Lissa Frye jolted upright, listening for the strange noise that had broken the stillness. She squinted into the darkness as dawn’s approach grayed the black interior of the room. The dresser and nightstand took shape, but still no clue to the sound’s origin surfaced.
What was it?
A sharp claw, attached to a softer paw, touched her arm and she jumped. Sorrel’s rough tongue licked her chin, the swish of a wagging tail a sign the noise had baffled the dog, too.
“Did you hear that?” At her question, Sorrel yipped. The dog panted, pushing her nose into Lissa’s lap.
She stroked the dog’s curly ears and petted her head. “Lie down, girl. It isn’t time to go.” The dog whined and retreated to her rug, the rustling of her tail as she settled the only sign the animal existed in the shadows.
The room again fell silent. The hush lingered like a menacing spirit, a ghostlike apparition that made Lissa uncomfortable. She’d regained her land legs since returning from the Navy three months ago, but the missing hum of the ship’s engines and the ever-present roll of the vessel as it sailed had not been replaced. The quiet in the room roared louder than any ship ever had. Fifteen years of living with that reality would take time to fade. If ever.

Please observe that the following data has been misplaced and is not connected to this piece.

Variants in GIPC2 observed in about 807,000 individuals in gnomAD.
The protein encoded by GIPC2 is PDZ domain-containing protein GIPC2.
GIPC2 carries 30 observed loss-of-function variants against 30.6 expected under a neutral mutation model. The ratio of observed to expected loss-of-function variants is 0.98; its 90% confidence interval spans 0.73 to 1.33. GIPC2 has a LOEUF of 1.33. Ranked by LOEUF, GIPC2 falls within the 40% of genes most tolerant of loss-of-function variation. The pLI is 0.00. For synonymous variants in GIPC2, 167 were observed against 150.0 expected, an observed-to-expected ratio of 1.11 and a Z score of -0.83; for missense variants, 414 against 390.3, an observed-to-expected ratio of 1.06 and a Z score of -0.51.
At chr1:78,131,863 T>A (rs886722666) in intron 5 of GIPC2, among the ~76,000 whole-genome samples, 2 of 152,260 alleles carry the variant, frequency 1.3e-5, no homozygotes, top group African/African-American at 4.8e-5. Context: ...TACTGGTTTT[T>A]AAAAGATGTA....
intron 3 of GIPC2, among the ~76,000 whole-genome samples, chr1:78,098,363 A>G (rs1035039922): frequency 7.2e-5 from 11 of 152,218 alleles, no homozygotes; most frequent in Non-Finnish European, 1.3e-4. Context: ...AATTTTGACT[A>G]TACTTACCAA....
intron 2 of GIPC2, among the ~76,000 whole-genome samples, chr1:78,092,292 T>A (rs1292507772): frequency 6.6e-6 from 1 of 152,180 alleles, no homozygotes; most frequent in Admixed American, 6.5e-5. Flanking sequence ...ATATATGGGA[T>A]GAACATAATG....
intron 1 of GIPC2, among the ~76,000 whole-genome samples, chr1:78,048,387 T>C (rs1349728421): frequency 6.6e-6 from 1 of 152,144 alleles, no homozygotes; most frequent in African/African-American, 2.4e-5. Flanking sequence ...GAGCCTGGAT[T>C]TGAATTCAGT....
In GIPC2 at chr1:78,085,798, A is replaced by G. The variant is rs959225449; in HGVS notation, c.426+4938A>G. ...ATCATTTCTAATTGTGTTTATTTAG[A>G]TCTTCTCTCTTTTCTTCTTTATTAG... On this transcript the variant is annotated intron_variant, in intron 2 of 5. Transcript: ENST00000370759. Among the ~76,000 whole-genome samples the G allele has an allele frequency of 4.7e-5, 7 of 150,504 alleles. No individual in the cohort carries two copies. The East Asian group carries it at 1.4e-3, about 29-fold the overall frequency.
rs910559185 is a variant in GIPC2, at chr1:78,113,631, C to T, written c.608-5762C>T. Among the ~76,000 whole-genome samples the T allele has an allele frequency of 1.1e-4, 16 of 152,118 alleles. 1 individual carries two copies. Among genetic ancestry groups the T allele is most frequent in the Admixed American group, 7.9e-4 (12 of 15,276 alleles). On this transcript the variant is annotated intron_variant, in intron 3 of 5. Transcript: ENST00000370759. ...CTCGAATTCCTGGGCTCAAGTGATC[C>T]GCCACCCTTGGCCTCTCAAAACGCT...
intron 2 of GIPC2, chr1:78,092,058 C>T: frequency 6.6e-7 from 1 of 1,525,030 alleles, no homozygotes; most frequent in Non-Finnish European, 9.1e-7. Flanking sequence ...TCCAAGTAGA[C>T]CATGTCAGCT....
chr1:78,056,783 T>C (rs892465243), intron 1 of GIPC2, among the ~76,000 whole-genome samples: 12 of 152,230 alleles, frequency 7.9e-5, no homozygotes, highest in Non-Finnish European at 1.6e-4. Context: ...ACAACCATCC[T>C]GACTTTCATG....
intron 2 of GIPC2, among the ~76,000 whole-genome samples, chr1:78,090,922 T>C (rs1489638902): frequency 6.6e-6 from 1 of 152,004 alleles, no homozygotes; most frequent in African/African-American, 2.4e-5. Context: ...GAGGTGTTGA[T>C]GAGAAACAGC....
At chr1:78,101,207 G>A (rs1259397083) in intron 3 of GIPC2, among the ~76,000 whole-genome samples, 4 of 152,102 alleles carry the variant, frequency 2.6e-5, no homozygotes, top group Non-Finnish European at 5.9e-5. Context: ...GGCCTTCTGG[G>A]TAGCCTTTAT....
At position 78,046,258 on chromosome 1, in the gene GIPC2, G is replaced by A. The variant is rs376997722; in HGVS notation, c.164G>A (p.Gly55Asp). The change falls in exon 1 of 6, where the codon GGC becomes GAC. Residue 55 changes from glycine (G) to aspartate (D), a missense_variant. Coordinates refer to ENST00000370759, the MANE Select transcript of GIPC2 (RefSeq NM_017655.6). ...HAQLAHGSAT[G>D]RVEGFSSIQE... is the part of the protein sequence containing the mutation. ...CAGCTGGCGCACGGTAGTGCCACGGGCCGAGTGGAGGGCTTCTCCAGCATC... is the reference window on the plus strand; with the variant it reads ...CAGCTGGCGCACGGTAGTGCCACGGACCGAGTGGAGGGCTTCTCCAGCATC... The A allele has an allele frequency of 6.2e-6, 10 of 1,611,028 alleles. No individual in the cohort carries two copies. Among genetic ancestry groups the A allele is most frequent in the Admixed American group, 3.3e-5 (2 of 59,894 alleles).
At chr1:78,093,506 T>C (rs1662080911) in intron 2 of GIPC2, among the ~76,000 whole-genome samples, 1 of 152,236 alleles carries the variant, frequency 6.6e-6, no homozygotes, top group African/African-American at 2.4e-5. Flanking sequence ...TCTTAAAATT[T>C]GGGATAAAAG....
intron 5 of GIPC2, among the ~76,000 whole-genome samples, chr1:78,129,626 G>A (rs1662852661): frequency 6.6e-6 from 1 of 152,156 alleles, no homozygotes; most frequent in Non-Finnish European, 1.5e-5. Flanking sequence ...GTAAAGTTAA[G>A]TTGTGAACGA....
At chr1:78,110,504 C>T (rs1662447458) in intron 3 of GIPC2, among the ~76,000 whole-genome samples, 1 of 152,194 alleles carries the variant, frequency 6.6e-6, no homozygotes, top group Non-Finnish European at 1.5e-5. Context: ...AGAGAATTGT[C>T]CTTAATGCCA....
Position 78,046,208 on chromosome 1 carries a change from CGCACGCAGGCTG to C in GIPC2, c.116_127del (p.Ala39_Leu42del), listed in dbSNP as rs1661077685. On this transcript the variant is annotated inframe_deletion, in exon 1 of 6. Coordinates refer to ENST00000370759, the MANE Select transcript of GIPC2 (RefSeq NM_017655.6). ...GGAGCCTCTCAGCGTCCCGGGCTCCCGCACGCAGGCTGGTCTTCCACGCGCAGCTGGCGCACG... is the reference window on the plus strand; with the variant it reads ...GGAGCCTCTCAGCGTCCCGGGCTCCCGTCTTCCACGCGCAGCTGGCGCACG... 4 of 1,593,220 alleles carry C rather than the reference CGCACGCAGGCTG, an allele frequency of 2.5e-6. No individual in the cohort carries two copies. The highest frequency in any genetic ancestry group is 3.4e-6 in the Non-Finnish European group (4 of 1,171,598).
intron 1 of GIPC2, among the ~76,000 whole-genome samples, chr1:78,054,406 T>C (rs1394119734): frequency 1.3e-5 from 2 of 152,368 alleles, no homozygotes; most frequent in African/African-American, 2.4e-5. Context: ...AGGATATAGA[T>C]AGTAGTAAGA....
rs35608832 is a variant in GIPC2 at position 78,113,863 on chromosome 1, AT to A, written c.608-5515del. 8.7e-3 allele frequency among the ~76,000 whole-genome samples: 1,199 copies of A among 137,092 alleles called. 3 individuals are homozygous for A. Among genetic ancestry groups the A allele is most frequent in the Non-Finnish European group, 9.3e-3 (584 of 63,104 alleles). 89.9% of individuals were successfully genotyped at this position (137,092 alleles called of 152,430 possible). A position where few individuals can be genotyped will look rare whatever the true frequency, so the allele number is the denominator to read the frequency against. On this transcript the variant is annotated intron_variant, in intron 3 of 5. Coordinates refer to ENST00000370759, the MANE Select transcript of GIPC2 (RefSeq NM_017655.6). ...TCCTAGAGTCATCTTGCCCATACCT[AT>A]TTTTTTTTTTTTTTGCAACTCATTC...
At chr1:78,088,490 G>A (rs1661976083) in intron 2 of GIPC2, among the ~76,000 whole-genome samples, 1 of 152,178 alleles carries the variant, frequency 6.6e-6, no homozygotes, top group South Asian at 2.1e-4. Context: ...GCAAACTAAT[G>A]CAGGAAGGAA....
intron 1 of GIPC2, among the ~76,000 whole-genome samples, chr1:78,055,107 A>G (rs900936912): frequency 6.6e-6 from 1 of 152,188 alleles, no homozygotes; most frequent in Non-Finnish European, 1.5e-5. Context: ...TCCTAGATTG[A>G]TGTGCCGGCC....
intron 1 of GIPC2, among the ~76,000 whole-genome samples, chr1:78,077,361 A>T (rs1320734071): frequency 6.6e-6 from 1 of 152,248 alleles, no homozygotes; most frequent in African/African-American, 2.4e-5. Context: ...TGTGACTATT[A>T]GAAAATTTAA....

Lissa stood and stumbled toward the dresser, stubbing her toe on the travel bag she’d left on the floor last night. The luggage, packed and ready to load in the Suburban for her trip over the mountain today, waited to be stowed after she signaled Sorrel into the passenger seat later. Hopping on one foot as she massaged her injured toe, she reached for the lamp. As she did, a light flashed to the left of its base, the strange buzz rattling the water glass beside it.